testimonia vitae atque artis
1[Plut.] Mus. 8. 1134ab (p. 114s. Lasserre, vi 3. 7s. Ziegler)
γέγονε δὲ καὶ Σακάδας <ὁ> Ἀργεῖος ποιητὴς μελῶν τε καὶ ἐλεγείων μεμελοποιημένων· ὁ δ᾿ αὐτὸς καὶ αὐλητὴς (Wyttenbach: ποιητὴς codd.) ἀγαθὸς καὶ τὰ Πύθια τρὶς νενικηκὼς ἀναγέγραπται· τούτου καὶ Πίνδαρος μνημονεύει (fr. 269)· τόνων γοῦν τριῶν ὄντων κατὰ Πολύμνηστον καὶ Σακάδαν, τοῦ τε Δωρίου καὶ Φρυγίου καὶ Λυδίου, ἐν ἑκάστῳ τῶν εἰρημένων τόνων στροφὴν ποιήσαντά φασι τὸν Σακάδαν διδάξαι ᾄδειν τὸν χορὸν Δωριστὶ μὲν τὴν πρώτην, Φρυγιστὶ δὲ τὴν δευτέραν, Λυδιστὶ δὲ τὴν τρίτην· καλεῖσθαι δὲ Τριμερῆ (Τριμελῆ Xylander) τὸν νόμον τοῦτον διὰ τὴν μεταβολήν. ἐν δὲ τῇ ἐν Σικυῶνι ἀναγραφῇ τῇ περὶ τῶν ποιητῶν (F.Gr.H. 550 F 2) Κλονᾶς εὑρετὴς ἀναγέγραπται τοῦ Τριμεροῦς νόμου.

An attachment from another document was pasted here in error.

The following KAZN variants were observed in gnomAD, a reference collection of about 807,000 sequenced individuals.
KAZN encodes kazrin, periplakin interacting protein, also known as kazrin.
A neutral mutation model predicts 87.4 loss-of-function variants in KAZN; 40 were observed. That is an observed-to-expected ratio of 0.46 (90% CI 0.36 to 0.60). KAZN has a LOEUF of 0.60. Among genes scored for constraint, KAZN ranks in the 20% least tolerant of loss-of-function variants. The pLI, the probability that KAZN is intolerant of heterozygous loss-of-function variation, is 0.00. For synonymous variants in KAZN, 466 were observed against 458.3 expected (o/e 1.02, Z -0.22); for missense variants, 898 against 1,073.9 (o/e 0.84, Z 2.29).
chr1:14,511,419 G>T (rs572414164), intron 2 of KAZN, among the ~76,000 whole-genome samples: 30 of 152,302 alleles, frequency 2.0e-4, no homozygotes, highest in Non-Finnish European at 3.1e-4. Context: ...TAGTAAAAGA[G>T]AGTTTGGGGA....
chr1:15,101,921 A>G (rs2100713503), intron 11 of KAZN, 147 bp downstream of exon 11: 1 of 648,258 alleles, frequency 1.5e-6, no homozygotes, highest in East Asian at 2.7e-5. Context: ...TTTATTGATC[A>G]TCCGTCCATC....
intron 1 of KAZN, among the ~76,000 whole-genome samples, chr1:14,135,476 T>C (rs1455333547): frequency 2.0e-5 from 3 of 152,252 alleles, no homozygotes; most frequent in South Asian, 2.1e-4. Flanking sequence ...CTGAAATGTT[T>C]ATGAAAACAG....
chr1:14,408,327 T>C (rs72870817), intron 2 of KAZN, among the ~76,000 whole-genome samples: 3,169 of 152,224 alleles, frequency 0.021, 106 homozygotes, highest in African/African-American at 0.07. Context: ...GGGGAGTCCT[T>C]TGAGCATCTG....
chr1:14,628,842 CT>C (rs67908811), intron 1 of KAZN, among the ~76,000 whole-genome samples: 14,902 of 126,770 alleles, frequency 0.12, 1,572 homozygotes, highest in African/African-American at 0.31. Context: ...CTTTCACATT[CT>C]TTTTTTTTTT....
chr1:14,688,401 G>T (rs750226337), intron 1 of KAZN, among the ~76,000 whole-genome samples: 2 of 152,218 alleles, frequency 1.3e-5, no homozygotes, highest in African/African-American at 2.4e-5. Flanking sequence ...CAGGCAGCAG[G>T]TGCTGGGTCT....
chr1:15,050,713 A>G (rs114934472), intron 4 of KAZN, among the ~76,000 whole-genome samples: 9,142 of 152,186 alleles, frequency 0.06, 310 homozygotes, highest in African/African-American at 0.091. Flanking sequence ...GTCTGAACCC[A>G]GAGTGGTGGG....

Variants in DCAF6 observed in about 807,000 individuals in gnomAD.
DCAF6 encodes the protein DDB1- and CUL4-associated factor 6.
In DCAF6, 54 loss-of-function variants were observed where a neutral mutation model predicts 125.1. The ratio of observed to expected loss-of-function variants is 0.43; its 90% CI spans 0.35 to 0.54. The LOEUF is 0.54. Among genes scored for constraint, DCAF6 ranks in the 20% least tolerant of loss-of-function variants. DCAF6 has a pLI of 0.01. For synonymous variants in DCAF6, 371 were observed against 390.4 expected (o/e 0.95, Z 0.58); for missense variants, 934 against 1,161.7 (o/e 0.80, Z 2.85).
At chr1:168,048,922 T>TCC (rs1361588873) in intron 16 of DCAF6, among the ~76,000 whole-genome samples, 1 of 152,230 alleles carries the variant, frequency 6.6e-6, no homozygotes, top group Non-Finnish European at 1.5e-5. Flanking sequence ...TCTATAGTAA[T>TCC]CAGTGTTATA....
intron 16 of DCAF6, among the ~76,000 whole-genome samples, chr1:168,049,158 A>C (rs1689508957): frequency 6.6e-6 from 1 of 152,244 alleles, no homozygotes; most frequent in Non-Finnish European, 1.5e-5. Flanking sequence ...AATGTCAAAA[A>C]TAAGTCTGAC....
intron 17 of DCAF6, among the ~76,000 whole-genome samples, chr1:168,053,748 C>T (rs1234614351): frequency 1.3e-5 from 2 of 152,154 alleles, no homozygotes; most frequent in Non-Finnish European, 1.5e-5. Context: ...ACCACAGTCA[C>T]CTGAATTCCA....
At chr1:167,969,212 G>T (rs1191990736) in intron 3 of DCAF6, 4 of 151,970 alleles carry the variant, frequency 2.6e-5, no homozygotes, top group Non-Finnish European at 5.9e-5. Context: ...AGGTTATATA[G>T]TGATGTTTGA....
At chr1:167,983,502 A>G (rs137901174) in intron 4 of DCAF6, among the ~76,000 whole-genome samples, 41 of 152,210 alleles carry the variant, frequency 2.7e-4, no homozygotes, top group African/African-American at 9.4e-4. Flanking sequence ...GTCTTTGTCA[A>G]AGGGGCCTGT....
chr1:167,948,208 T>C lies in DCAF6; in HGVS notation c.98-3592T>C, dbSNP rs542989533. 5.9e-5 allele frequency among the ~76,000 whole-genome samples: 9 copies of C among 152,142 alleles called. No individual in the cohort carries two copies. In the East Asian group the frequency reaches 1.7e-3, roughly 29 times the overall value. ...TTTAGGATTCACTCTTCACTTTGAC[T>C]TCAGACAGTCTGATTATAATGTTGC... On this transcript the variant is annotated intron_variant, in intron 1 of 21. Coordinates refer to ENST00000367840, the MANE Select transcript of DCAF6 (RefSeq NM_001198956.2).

life and works1
1 ‘Plutarch’, On Music
Sacadas of Argos also was a composer of songs and of elegiacs set to music. In addition he was a fine piper and is on record as having won the Pythian contest three times.2 Pindar mentions him3: there were three tuning-systems at the time of Polymnestus and Sacadas,4 the Dorian, the Phrygian and the Lydian, and they say that Sacadas composed a strophe in each and taught his chorus to sing the first in the Dorian, the second in the Phrygian, the third in the Lydian; this nome, they say, was called the Three-part5 because of its modulation. In the record of the poets at Sicyon, however, Clonas is given as the inventor of the Three-part.